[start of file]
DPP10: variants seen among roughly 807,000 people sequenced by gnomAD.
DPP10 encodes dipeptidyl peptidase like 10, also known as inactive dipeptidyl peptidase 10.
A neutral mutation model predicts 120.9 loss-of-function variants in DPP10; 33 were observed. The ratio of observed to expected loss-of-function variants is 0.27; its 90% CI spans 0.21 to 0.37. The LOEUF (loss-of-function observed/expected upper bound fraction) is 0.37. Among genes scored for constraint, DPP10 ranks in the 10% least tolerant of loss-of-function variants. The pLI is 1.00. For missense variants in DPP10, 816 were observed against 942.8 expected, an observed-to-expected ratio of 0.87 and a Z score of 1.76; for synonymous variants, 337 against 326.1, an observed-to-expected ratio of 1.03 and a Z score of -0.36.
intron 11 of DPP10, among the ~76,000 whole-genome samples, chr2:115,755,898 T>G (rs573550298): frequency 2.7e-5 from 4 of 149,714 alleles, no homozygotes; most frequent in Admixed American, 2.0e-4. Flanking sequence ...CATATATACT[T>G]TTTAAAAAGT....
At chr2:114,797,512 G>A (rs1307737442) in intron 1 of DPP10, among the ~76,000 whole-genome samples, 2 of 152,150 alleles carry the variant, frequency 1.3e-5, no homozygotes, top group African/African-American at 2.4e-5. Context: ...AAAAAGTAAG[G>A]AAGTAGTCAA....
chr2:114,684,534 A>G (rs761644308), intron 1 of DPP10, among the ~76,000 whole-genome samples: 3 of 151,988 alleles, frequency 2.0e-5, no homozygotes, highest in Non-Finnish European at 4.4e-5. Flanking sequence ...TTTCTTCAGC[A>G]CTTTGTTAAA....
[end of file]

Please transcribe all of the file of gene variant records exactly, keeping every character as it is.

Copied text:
DPP10: variants seen among roughly 807,000 people sequenced by gnomAD.
DPP10 encodes dipeptidyl peptidase like 10, also known as inactive dipeptidyl peptidase 10.
A neutral mutation model predicts 120.9 loss-of-function variants in DPP10; 33 were observed. The ratio of observed to expected loss-of-function variants is 0.27; its 90% CI spans 0.21 to 0.37. The LOEUF (loss-of-function observed/expected upper bound fraction) is 0.37. Among genes scored for constraint, DPP10 ranks in the 10% least tolerant of loss-of-function variants. The pLI is 1.00. For missense variants in DPP10, 816 were observed against 942.8 expected, an observed-to-expected ratio of 0.87 and a Z score of 1.76; for synonymous variants, 337 against 326.1, an observed-to-expected ratio of 1.03 and a Z score of -0.36.
intron 11 of DPP10, among the ~76,000 whole-genome samples, chr2:115,755,898 T>G (rs573550298): frequency 2.7e-5 from 4 of 149,714 alleles, no homozygotes; most frequent in Admixed American, 2.0e-4. Flanking sequence ...CATATATACT[T>G]TTTAAAAAGT....
At chr2:114,797,512 G>A (rs1307737442) in intron 1 of DPP10, among the ~76,000 whole-genome samples, 2 of 152,150 alleles carry the variant, frequency 1.3e-5, no homozygotes, top group African/African-American at 2.4e-5. Context: ...AAAAAGTAAG[G>A]AAGTAGTCAA....
chr2:114,684,534 A>G (rs761644308), intron 1 of DPP10, among the ~76,000 whole-genome samples: 3 of 151,988 alleles, frequency 2.0e-5, no homozygotes, highest in Non-Finnish European at 4.4e-5. Flanking sequence ...TTTCTTCAGC[A>G]CTTTGTTAAA....